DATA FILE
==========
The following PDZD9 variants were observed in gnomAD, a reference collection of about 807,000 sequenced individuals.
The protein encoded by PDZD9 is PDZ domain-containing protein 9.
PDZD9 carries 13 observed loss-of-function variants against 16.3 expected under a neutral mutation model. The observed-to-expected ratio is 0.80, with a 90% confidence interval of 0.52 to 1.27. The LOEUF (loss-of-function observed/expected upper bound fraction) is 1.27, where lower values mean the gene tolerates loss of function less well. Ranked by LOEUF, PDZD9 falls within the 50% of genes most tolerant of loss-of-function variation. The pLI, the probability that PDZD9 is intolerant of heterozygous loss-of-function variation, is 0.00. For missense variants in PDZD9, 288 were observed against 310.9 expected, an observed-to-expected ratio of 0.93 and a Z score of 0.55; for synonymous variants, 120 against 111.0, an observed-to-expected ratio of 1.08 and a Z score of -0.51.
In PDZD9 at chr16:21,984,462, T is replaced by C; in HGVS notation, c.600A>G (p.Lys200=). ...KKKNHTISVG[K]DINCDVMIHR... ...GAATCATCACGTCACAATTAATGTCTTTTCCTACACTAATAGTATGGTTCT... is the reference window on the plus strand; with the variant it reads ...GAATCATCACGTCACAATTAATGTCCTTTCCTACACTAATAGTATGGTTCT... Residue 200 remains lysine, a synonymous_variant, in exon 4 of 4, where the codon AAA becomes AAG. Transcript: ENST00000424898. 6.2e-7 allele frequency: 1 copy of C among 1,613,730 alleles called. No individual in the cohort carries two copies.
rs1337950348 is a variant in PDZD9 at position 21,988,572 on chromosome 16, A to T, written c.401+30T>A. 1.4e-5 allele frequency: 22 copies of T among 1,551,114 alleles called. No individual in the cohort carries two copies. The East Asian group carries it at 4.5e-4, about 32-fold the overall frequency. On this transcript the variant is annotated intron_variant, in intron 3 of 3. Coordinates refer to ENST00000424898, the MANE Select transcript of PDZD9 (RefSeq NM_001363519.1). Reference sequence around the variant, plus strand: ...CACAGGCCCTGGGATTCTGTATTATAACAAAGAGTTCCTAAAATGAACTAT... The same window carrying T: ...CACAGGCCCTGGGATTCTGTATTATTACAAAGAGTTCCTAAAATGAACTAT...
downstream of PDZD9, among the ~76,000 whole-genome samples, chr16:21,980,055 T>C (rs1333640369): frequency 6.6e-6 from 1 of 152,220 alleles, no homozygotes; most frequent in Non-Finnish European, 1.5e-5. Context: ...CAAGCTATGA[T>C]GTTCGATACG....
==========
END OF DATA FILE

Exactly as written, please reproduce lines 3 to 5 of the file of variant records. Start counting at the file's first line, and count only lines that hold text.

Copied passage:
PDZD9 carries 13 observed loss-of-function variants against 16.3 expected under a neutral mutation model. The observed-to-expected ratio is 0.80, with a 90% confidence interval of 0.52 to 1.27. The LOEUF (loss-of-function observed/expected upper bound fraction) is 1.27, where lower values mean the gene tolerates loss of function less well. Ranked by LOEUF, PDZD9 falls within the 50% of genes most tolerant of loss-of-function variation. The pLI, the probability that PDZD9 is intolerant of heterozygous loss-of-function variation, is 0.00. For missense variants in PDZD9, 288 were observed against 310.9 expected, an observed-to-expected ratio of 0.93 and a Z score of 0.55; for synonymous variants, 120 against 111.0, an observed-to-expected ratio of 1.08 and a Z score of -0.51.
In PDZD9 at chr16:21,984,462, T is replaced by C; in HGVS notation, c.600A>G (p.Lys200=). ...KKKNHTISVG[K]DINCDVMIHR... ...GAATCATCACGTCACAATTAATGTCTTTTCCTACACTAATAGTATGGTTCT... is the reference window on the plus strand; with the variant it reads ...GAATCATCACGTCACAATTAATGTCCTTTCCTACACTAATAGTATGGTTCT... Residue 200 remains lysine, a synonymous_variant, in exon 4 of 4, where the codon AAA becomes AAG. Transcript: ENST00000424898. 6.2e-7 allele frequency: 1 copy of C among 1,613,730 alleles called. No individual in the cohort carries two copies.
rs1337950348 is a variant in PDZD9 at position 21,988,572 on chromosome 16, A to T, written c.401+30T>A. 1.4e-5 allele frequency: 22 copies of T among 1,551,114 alleles called. No individual in the cohort carries two copies. The East Asian group carries it at 4.5e-4, about 32-fold the overall frequency. On this transcript the variant is annotated intron_variant, in intron 3 of 3. Coordinates refer to ENST00000424898, the MANE Select transcript of PDZD9 (RefSeq NM_001363519.1). Reference sequence around the variant, plus strand: ...CACAGGCCCTGGGATTCTGTATTATAACAAAGAGTTCCTAAAATGAACTAT... The same window carrying T: ...CACAGGCCCTGGGATTCTGTATTATTACAAAGAGTTCCTAAAATGAACTAT...